Spin Off 2021 Cowl-Along Gallery: Multicraft Cowls

Join us in celebrating the diversity of crafts that spinalong members employed in making their handspun, handmade cowls.

Spin Off Editorial Staff Mar 24, 2021 - 5 min read

Spin Off 2021 Cowl-Along Gallery: Multicraft Cowls Primary Image

Emily is wearing her handspun, Tunisian crochet cowl, which she gave to the doctor who treated her father for COVID-19. Photo courtesy of Emily Born

In December 2020, we invited handspinners to join us for a spinalong and make a handspun cowl using the craft of their choice. And for the past couple of months, this cheerful group of makers has dyed, blended, spun, knitted, woven, and crocheted while providing support for each other along the way. Many of the participants gifted their cowls to friends and family, sending a warm hug when they were unable to give one in person. We admire their creativity and generosity, and we asked the cowl-along members to share a photo and a few words about their handspun cowls. This gallery celebrates the diversity of crafts that our skilled makers employed. Enjoy part one of this three-part gallery series. —Editor

Tunisian Crochet

Emily Born of Tabernash, Colorado


The recipient wearing her handspun cowl. Photo courtesy of Emily Born

“My cowl was constructed in Tunisian crochet, using the Tunisian full stitch. The yarn is a handspun Merino/Angora blend, and the Angora is from my Angora rabbit, Frida. I made the cowl for the doctor who treated my dad for COVID-19 last year and who ultimately saved his life. I found her to be the most deserving person of a ‘hug via a handspun, handmade cowl!’”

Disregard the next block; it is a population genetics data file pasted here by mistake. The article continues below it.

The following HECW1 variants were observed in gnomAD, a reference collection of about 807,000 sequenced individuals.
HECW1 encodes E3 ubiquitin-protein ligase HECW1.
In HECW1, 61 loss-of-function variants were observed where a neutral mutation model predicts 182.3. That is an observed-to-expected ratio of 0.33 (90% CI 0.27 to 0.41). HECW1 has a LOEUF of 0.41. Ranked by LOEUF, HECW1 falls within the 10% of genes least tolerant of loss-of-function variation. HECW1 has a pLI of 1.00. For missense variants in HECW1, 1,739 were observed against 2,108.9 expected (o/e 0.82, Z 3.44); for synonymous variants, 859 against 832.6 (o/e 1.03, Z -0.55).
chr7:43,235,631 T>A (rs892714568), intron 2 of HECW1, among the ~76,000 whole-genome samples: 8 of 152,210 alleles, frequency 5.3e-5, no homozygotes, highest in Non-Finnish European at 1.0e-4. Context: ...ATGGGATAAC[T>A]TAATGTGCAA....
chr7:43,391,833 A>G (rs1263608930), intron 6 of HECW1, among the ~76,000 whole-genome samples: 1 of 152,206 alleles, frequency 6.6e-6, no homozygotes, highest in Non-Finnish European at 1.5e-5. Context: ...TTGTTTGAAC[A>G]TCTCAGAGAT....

Kathy Fennell of Medford, Oregon


Photo courtesy of Kathy Fennell

“My handspun, handwoven cowl was woven in a twill pattern on a four-shaft floor loom. The warp is a variegated two-ply yarn spun from a blend of 70% Corriedale/15% silk/15% bamboo, and the weft is a navy blue Merino singles yarn. The final size is 6-1/2 x 57 inches, so it can be used as a cowl or as a scarf.”

Christine Zeitler of Cuba, New York


Photo courtesy of Christine Zeitler

“This cowl was spun using 4 ounces of Paradise Fibers’ Creepy Corriedale blend plied with 4 ounces of white Corriedale on a Schacht Ladybug, using the medium whorl and a short forward draft. This two-ply yarn was woven on a 10-inch Ashford SampleIt rigid-heddle loom at 5 ends per inch. The front warps were used as weft for the last 10 inches to create a single, continuous cowl and to create the triangle as the front. The technique is called Hero Cowl. I braided the ends to create a fringe.”


Joanne Mitchell of Manitoba, Canada


Photo courtesy of Joanne Mitchell

“I made the cowl with a Merino/Tencel fiber blend, which was natural and black. I dyed it shades of red and dark blue. I chain plied the yarn so the colors would be distinct. The cowl is a simple six-stitch entrelac design. I made this for my sister.”


Colleen Brooks of Pittsburg, Kansas


Photo courtesy of Colleen Brooks

“My yarn is yak/silk/Merino blend, and I spun it on my Schacht Matchless.”

Dominique of Belgium


Photo courtesy of Dominique

“The yellow cowl is the Östergyllen Cowl by the Swedish designer Anna Friberg. The yarn is made of Merino, alpaca, and silk. I was inspired by Suzy Brown to blend the fibers on a hackle, following her hackle-pattern system.”

To learn more about Suzy Brown’s system for blending on a hackle, see the Spring 2021 issue of Spin Off. —Editor

Mara Lusis of Cobourg, Ontario, Canada


Photo courtesy of Mara Lusis

“This was a fun roving to spin. It was hand-dyed by Fatima Dias. The dragon scale–shaped cowl allowed the yarn colors to differentiate and show up very well.”

Sandra Van Liew of Heppner, Oregon


Photo courtesy of Sandra Van Liew

“The Violetta Cowl was knitted with a two-ply yarn spun from Jacob and alpaca roving on my Ashford Kiwi. The Jacob wool came from my own flock of sheep. I dyed the yarn with cochineal. I like this pattern for I can pull it up on my head for additional coverage.”

Check back next week to view part two: Textured Cowls.